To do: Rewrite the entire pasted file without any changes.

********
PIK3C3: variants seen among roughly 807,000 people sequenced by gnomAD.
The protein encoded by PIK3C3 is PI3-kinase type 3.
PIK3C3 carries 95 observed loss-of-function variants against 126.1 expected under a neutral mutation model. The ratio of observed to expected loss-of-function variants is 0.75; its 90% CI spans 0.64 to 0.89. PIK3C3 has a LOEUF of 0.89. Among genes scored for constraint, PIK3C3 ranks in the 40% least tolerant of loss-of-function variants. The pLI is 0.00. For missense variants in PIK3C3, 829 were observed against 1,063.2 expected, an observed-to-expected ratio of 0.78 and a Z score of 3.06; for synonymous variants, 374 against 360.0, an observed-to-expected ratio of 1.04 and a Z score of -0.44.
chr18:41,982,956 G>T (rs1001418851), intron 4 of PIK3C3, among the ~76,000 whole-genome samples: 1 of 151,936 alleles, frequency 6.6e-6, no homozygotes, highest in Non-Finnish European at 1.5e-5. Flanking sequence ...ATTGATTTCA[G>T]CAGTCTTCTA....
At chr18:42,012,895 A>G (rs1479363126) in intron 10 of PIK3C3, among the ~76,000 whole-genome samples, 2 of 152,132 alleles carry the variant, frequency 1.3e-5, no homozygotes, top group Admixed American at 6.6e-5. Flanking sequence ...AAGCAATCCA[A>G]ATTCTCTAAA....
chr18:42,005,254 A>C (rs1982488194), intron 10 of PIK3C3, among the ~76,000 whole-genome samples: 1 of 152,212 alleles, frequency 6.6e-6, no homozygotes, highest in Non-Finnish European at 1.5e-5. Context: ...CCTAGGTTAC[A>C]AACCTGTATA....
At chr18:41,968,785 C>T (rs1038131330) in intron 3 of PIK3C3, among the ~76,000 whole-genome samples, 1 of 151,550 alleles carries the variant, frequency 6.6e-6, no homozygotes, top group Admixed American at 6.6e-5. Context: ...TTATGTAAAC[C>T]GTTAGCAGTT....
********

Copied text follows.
PIK3C3: variants seen among roughly 807,000 people sequenced by gnomAD.
The protein encoded by PIK3C3 is PI3-kinase type 3.
PIK3C3 carries 95 observed loss-of-function variants against 126.1 expected under a neutral mutation model. The ratio of observed to expected loss-of-function variants is 0.75; its 90% CI spans 0.64 to 0.89. PIK3C3 has a LOEUF of 0.89. Among genes scored for constraint, PIK3C3 ranks in the 40% least tolerant of loss-of-function variants. The pLI is 0.00. For missense variants in PIK3C3, 829 were observed against 1,063.2 expected, an observed-to-expected ratio of 0.78 and a Z score of 3.06; for synonymous variants, 374 against 360.0, an observed-to-expected ratio of 1.04 and a Z score of -0.44.
chr18:41,982,956 G>T (rs1001418851), intron 4 of PIK3C3, among the ~76,000 whole-genome samples: 1 of 151,936 alleles, frequency 6.6e-6, no homozygotes, highest in Non-Finnish European at 1.5e-5. Flanking sequence ...ATTGATTTCA[G>T]CAGTCTTCTA....
At chr18:42,012,895 A>G (rs1479363126) in intron 10 of PIK3C3, among the ~76,000 whole-genome samples, 2 of 152,132 alleles carry the variant, frequency 1.3e-5, no homozygotes, top group Admixed American at 6.6e-5. Flanking sequence ...AAGCAATCCA[A>G]ATTCTCTAAA....
chr18:42,005,254 A>C (rs1982488194), intron 10 of PIK3C3, among the ~76,000 whole-genome samples: 1 of 152,212 alleles, frequency 6.6e-6, no homozygotes, highest in Non-Finnish European at 1.5e-5. Context: ...CCTAGGTTAC[A>C]AACCTGTATA....
At chr18:41,968,785 C>T (rs1038131330) in intron 3 of PIK3C3, among the ~76,000 whole-genome samples, 1 of 151,550 alleles carries the variant, frequency 6.6e-6, no homozygotes, top group Admixed American at 6.6e-5. Context: ...TTATGTAAAC[C>T]GTTAGCAGTT....